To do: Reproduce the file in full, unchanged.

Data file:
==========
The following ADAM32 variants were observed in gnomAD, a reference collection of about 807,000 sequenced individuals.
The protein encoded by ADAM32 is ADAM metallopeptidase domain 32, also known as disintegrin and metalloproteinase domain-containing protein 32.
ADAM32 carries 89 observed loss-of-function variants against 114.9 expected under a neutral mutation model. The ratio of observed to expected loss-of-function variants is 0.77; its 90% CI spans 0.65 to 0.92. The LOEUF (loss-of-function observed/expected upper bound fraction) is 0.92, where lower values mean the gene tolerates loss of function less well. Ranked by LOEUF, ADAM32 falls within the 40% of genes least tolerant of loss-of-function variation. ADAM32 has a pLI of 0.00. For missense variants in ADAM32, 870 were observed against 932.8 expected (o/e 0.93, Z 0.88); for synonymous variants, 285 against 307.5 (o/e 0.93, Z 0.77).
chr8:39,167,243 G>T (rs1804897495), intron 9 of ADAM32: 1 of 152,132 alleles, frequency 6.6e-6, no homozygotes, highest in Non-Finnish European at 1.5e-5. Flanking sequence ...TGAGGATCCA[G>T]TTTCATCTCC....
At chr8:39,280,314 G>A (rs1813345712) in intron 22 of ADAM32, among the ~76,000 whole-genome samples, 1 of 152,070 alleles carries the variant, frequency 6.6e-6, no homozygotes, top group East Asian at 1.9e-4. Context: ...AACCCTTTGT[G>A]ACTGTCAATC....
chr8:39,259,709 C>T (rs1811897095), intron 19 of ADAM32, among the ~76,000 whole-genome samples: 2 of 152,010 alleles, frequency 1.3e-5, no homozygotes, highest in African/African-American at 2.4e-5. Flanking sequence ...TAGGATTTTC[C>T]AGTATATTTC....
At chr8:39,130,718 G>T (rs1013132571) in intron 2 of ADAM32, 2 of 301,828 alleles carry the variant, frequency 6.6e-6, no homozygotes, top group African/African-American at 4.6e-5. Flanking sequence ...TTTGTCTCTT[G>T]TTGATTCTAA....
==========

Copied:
The following ADAM32 variants were observed in gnomAD, a reference collection of about 807,000 sequenced individuals.
The protein encoded by ADAM32 is ADAM metallopeptidase domain 32, also known as disintegrin and metalloproteinase domain-containing protein 32.
ADAM32 carries 89 observed loss-of-function variants against 114.9 expected under a neutral mutation model. The ratio of observed to expected loss-of-function variants is 0.77; its 90% CI spans 0.65 to 0.92. The LOEUF (loss-of-function observed/expected upper bound fraction) is 0.92, where lower values mean the gene tolerates loss of function less well. Ranked by LOEUF, ADAM32 falls within the 40% of genes least tolerant of loss-of-function variation. ADAM32 has a pLI of 0.00. For missense variants in ADAM32, 870 were observed against 932.8 expected (o/e 0.93, Z 0.88); for synonymous variants, 285 against 307.5 (o/e 0.93, Z 0.77).
chr8:39,167,243 G>T (rs1804897495), intron 9 of ADAM32: 1 of 152,132 alleles, frequency 6.6e-6, no homozygotes, highest in Non-Finnish European at 1.5e-5. Flanking sequence ...TGAGGATCCA[G>T]TTTCATCTCC....
At chr8:39,280,314 G>A (rs1813345712) in intron 22 of ADAM32, among the ~76,000 whole-genome samples, 1 of 152,070 alleles carries the variant, frequency 6.6e-6, no homozygotes, top group East Asian at 1.9e-4. Context: ...AACCCTTTGT[G>A]ACTGTCAATC....
chr8:39,259,709 C>T (rs1811897095), intron 19 of ADAM32, among the ~76,000 whole-genome samples: 2 of 152,010 alleles, frequency 1.3e-5, no homozygotes, highest in African/African-American at 2.4e-5. Flanking sequence ...TAGGATTTTC[C>T]AGTATATTTC....
At chr8:39,130,718 G>T (rs1013132571) in intron 2 of ADAM32, 2 of 301,828 alleles carry the variant, frequency 6.6e-6, no homozygotes, top group African/African-American at 4.6e-5. Flanking sequence ...TTTGTCTCTT[G>T]TTGATTCTAA....